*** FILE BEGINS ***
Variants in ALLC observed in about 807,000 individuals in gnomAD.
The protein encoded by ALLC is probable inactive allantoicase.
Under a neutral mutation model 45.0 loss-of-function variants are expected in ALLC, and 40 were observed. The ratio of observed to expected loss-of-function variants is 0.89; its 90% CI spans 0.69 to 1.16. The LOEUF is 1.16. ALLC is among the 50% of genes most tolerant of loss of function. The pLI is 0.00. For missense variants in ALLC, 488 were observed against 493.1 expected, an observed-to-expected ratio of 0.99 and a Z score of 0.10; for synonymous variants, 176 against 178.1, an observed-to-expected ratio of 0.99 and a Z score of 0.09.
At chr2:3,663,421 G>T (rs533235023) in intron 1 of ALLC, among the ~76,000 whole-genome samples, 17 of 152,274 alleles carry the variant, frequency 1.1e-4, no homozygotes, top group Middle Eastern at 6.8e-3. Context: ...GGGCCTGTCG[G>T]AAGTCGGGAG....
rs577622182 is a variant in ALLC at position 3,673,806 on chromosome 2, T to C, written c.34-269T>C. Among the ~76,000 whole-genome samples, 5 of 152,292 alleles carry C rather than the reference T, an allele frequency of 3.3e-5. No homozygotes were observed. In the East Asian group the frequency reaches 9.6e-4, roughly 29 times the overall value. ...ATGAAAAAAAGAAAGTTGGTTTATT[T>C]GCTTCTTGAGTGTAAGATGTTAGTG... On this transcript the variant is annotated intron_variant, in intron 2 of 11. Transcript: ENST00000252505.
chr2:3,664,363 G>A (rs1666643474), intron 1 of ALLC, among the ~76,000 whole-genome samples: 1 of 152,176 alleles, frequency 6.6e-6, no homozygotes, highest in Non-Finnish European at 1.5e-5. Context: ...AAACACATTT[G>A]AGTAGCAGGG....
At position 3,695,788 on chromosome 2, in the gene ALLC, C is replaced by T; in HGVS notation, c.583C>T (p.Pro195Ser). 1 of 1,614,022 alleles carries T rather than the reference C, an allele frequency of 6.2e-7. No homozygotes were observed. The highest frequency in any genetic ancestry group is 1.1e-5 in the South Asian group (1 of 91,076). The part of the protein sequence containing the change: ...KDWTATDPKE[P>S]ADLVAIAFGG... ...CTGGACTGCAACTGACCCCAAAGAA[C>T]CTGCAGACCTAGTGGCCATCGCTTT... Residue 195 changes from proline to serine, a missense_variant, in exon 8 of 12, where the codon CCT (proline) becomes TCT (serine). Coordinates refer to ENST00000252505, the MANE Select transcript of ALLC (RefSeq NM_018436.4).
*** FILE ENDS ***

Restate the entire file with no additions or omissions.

Variants in ALLC observed in about 807,000 individuals in gnomAD.
The protein encoded by ALLC is probable inactive allantoicase.
Under a neutral mutation model 45.0 loss-of-function variants are expected in ALLC, and 40 were observed. The ratio of observed to expected loss-of-function variants is 0.89; its 90% CI spans 0.69 to 1.16. The LOEUF is 1.16. ALLC is among the 50% of genes most tolerant of loss of function. The pLI is 0.00. For missense variants in ALLC, 488 were observed against 493.1 expected, an observed-to-expected ratio of 0.99 and a Z score of 0.10; for synonymous variants, 176 against 178.1, an observed-to-expected ratio of 0.99 and a Z score of 0.09.
At chr2:3,663,421 G>T (rs533235023) in intron 1 of ALLC, among the ~76,000 whole-genome samples, 17 of 152,274 alleles carry the variant, frequency 1.1e-4, no homozygotes, top group Middle Eastern at 6.8e-3. Context: ...GGGCCTGTCG[G>T]AAGTCGGGAG....
rs577622182 is a variant in ALLC at position 3,673,806 on chromosome 2, T to C, written c.34-269T>C. Among the ~76,000 whole-genome samples, 5 of 152,292 alleles carry C rather than the reference T, an allele frequency of 3.3e-5. No homozygotes were observed. In the East Asian group the frequency reaches 9.6e-4, roughly 29 times the overall value. ...ATGAAAAAAAGAAAGTTGGTTTATT[T>C]GCTTCTTGAGTGTAAGATGTTAGTG... On this transcript the variant is annotated intron_variant, in intron 2 of 11. Transcript: ENST00000252505.
chr2:3,664,363 G>A (rs1666643474), intron 1 of ALLC, among the ~76,000 whole-genome samples: 1 of 152,176 alleles, frequency 6.6e-6, no homozygotes, highest in Non-Finnish European at 1.5e-5. Context: ...AAACACATTT[G>A]AGTAGCAGGG....
At position 3,695,788 on chromosome 2, in the gene ALLC, C is replaced by T; in HGVS notation, c.583C>T (p.Pro195Ser). 1 of 1,614,022 alleles carries T rather than the reference C, an allele frequency of 6.2e-7. No homozygotes were observed. The highest frequency in any genetic ancestry group is 1.1e-5 in the South Asian group (1 of 91,076). The part of the protein sequence containing the change: ...KDWTATDPKE[P>S]ADLVAIAFGG... ...CTGGACTGCAACTGACCCCAAAGAA[C>T]CTGCAGACCTAGTGGCCATCGCTTT... Residue 195 changes from proline to serine, a missense_variant, in exon 8 of 12, where the codon CCT (proline) becomes TCT (serine). Coordinates refer to ENST00000252505, the MANE Select transcript of ALLC (RefSeq NM_018436.4).